Nicki Minaj and Taylor Swift: "bad blood" or nah? That seems to be the question on everyone's minds following the announcement of the MTV Video Music Awards nominations on July 21. Minaj and Swift appeared to be briefly feuding — or at the very least, exchanging some tense words — on Twitter after the announcement. Though things appear to have calmed down between the two performers (for now, anyway), everyone seems to be choosing sides, as if this is some kind of "cat fight" in the schoolyard. But it is worth questioning why we are talking about the fight itself when we probably should be talking more about the social issues the performers bring up related to race, size, and gender.
For some background: The video for Swift's "Bad Blood" was nominated for Video of the Year, the biggest award of the night, while the one for Minaj's "Anaconda" was not. The rapper, who is rarely shy about voicing her opinion, took to Twitter to say, "If your video celebrates women with very slim bodies, you will be nominated for vid of the year." Though the rapper did not name names, Swift responded as such: "@NICKIMINAJ I've done nothing but love & support you. It's unlike you to pit women against each other. Maybe one of the men took your slot." Then, Minaj shifted the conversation from size to race and raised the issue of black women not getting enough credit for their influence in pop culture. She responded to Swift with, "Huh? U must not be reading my tweets. Didn't say a word about u. I love u just as much. But u should speak on this. @TaylorSwift13."
First of all, it is worthwhile to remember that the "Bad Blood" video is far from exclusionary. It featured a large variety of people, including women of color like Zendaya, Selena Gomez, and Serayah McNeill, as well as women of different sizes — just look at the differences between Cindy Crawford, Lena Dunham, and Hayley Williams. But on the other hand, Swift, the slender white girl, is still the star of the act, and the one officially recognized for the video — it is her song, after all.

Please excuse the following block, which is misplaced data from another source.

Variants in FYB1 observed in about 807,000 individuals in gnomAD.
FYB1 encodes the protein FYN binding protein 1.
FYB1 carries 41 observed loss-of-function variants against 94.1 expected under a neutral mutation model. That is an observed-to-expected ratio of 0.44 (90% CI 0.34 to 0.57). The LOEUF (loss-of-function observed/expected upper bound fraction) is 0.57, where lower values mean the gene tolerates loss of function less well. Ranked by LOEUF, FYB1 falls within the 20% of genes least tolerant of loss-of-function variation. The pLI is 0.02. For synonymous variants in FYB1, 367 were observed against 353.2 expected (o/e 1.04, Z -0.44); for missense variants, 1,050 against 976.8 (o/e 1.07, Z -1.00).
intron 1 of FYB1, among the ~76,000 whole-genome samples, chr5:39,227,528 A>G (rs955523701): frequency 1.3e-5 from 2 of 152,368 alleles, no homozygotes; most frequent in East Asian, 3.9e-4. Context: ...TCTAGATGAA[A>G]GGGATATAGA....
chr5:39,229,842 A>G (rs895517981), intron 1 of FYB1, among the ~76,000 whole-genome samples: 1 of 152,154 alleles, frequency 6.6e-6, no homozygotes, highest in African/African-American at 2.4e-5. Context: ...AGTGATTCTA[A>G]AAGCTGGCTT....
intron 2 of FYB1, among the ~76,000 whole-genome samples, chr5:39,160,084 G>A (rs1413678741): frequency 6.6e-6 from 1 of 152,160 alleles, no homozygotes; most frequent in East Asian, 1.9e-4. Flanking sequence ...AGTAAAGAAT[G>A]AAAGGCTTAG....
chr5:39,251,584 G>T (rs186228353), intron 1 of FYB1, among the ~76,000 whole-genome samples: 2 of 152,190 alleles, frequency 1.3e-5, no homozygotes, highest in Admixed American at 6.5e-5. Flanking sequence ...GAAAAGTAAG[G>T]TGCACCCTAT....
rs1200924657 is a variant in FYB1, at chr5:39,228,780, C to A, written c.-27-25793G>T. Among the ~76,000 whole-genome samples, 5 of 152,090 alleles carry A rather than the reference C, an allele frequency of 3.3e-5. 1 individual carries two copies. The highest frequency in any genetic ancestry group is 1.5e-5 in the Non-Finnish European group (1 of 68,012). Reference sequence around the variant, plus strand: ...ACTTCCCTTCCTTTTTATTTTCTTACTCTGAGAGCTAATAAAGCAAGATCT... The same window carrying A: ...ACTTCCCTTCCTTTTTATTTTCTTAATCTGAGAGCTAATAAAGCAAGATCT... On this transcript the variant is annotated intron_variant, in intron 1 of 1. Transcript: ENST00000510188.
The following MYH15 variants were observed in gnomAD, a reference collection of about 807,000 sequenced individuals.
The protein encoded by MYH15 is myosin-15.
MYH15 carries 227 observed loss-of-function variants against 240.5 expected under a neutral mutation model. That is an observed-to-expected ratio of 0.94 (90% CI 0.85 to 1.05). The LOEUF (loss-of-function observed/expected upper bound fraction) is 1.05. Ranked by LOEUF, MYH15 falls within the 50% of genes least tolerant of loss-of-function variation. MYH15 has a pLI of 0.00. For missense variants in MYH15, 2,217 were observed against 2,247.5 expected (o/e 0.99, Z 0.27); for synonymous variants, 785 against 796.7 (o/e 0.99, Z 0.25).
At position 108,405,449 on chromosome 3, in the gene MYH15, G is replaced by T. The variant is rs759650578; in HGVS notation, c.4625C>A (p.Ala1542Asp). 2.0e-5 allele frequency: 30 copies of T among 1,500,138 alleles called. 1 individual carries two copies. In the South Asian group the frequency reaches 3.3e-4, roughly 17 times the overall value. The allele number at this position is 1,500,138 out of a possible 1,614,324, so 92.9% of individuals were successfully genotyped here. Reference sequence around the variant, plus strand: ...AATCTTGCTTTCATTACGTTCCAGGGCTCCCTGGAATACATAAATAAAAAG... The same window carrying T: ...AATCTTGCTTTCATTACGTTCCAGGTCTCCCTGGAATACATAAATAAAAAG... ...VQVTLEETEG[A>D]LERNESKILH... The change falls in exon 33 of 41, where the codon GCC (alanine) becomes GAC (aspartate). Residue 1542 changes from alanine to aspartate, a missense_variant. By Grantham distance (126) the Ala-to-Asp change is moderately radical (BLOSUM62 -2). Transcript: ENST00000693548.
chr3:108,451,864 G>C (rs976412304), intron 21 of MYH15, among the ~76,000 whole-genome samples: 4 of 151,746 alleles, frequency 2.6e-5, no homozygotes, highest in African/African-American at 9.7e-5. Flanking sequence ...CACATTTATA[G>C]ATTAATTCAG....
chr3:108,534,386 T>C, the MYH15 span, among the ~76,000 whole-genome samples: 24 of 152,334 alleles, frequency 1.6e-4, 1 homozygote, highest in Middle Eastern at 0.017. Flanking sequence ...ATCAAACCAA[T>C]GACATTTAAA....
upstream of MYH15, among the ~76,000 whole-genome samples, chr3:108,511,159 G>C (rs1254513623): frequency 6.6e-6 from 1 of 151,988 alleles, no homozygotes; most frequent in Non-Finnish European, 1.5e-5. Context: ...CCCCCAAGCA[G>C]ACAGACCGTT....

As for Minaj's video, it is not as if it was not nominated for any VMA awards at all; "Anaconda" snagged two other nominations. However, it cannot be ignored that the cultural phenomenon is missing from the nominations for the award of the night. And the video did celebrate black women specifically, which is something that was clearly important to Minaj's fans, and likely helped make it the cultural phenomenon it was. Many of Minaj's fans were quick to point this out, along with the fact that she was simply speaking up for "unsung black female entertainers." Minaj retweeted many of her fans' tweets, and also sounded off alongside them:
Unfortunately, some spectators watching the feud unfold have seemed to turn this into a "who's better?" argument, which, of course, never goes anywhere.
Sadly, it is not surprising to see people focusing more on the "cat fight!" aspect of this conversation than the larger social issues at hand. After all, if there is anything the mainstream media likes more than watching successful women publicly feud, it's avoiding talking about the underlying issues we as a society have about race, gender, and size, which are just as present in the entertainment sphere.
These are all uncomfortable topics, so it is understand why people are quick to say "Team Taylor" or "Team Nicki" without taking a moment to pause and realize that this conversation is no "feud," and that neither Swift nor Minaj are necessarily "wrong" or "right." Their conversation is simply a part of a larger one, and it can never be eased by not talking about it.
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